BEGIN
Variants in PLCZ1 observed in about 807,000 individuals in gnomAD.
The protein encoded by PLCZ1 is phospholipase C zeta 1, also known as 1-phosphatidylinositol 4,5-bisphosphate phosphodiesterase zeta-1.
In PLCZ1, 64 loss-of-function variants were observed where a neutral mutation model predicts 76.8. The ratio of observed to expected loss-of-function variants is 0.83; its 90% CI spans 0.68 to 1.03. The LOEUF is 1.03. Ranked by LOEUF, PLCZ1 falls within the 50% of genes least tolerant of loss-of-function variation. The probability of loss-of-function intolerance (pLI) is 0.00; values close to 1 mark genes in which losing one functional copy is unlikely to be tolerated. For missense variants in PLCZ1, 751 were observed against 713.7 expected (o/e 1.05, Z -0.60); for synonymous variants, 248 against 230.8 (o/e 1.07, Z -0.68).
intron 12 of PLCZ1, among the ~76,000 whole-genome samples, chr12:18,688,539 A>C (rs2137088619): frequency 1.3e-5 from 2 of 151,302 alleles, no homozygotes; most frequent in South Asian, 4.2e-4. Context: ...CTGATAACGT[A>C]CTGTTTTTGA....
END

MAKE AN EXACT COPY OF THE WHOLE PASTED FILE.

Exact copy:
Variants in PLCZ1 observed in about 807,000 individuals in gnomAD.
The protein encoded by PLCZ1 is phospholipase C zeta 1, also known as 1-phosphatidylinositol 4,5-bisphosphate phosphodiesterase zeta-1.
In PLCZ1, 64 loss-of-function variants were observed where a neutral mutation model predicts 76.8. The ratio of observed to expected loss-of-function variants is 0.83; its 90% CI spans 0.68 to 1.03. The LOEUF is 1.03. Ranked by LOEUF, PLCZ1 falls within the 50% of genes least tolerant of loss-of-function variation. The probability of loss-of-function intolerance (pLI) is 0.00; values close to 1 mark genes in which losing one functional copy is unlikely to be tolerated. For missense variants in PLCZ1, 751 were observed against 713.7 expected (o/e 1.05, Z -0.60); for synonymous variants, 248 against 230.8 (o/e 1.07, Z -0.68).
intron 12 of PLCZ1, among the ~76,000 whole-genome samples, chr12:18,688,539 A>C (rs2137088619): frequency 1.3e-5 from 2 of 151,302 alleles, no homozygotes; most frequent in South Asian, 4.2e-4. Context: ...CTGATAACGT[A>C]CTGTTTTTGA....